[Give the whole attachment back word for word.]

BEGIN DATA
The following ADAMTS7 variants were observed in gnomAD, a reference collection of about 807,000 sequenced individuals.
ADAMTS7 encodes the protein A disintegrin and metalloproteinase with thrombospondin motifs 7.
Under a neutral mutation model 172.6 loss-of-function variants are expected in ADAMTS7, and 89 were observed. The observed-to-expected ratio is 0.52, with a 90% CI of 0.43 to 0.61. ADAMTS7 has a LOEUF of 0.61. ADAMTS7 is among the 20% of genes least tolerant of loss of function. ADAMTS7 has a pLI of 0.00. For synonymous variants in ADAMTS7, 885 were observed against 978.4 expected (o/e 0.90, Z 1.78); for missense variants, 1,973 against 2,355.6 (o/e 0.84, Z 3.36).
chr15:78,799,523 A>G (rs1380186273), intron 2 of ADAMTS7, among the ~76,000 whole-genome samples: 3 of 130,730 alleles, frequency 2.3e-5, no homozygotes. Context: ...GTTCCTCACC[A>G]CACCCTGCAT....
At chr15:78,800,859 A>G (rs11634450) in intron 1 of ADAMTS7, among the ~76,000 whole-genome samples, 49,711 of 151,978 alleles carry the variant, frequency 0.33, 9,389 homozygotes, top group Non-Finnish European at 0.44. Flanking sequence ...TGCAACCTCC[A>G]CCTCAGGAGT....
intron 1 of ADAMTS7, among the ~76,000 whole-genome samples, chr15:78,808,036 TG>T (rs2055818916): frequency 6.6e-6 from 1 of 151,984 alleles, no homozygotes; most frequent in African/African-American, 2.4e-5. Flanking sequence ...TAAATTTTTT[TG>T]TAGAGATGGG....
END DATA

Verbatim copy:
The following ADAMTS7 variants were observed in gnomAD, a reference collection of about 807,000 sequenced individuals.
ADAMTS7 encodes the protein A disintegrin and metalloproteinase with thrombospondin motifs 7.
Under a neutral mutation model 172.6 loss-of-function variants are expected in ADAMTS7, and 89 were observed. The observed-to-expected ratio is 0.52, with a 90% CI of 0.43 to 0.61. ADAMTS7 has a LOEUF of 0.61. ADAMTS7 is among the 20% of genes least tolerant of loss of function. ADAMTS7 has a pLI of 0.00. For synonymous variants in ADAMTS7, 885 were observed against 978.4 expected (o/e 0.90, Z 1.78); for missense variants, 1,973 against 2,355.6 (o/e 0.84, Z 3.36).
chr15:78,799,523 A>G (rs1380186273), intron 2 of ADAMTS7, among the ~76,000 whole-genome samples: 3 of 130,730 alleles, frequency 2.3e-5, no homozygotes. Context: ...GTTCCTCACC[A>G]CACCCTGCAT....
At chr15:78,800,859 A>G (rs11634450) in intron 1 of ADAMTS7, among the ~76,000 whole-genome samples, 49,711 of 151,978 alleles carry the variant, frequency 0.33, 9,389 homozygotes, top group Non-Finnish European at 0.44. Flanking sequence ...TGCAACCTCC[A>G]CCTCAGGAGT....
intron 1 of ADAMTS7, among the ~76,000 whole-genome samples, chr15:78,808,036 TG>T (rs2055818916): frequency 6.6e-6 from 1 of 151,984 alleles, no homozygotes; most frequent in African/African-American, 2.4e-5. Flanking sequence ...TAAATTTTTT[TG>T]TAGAGATGGG....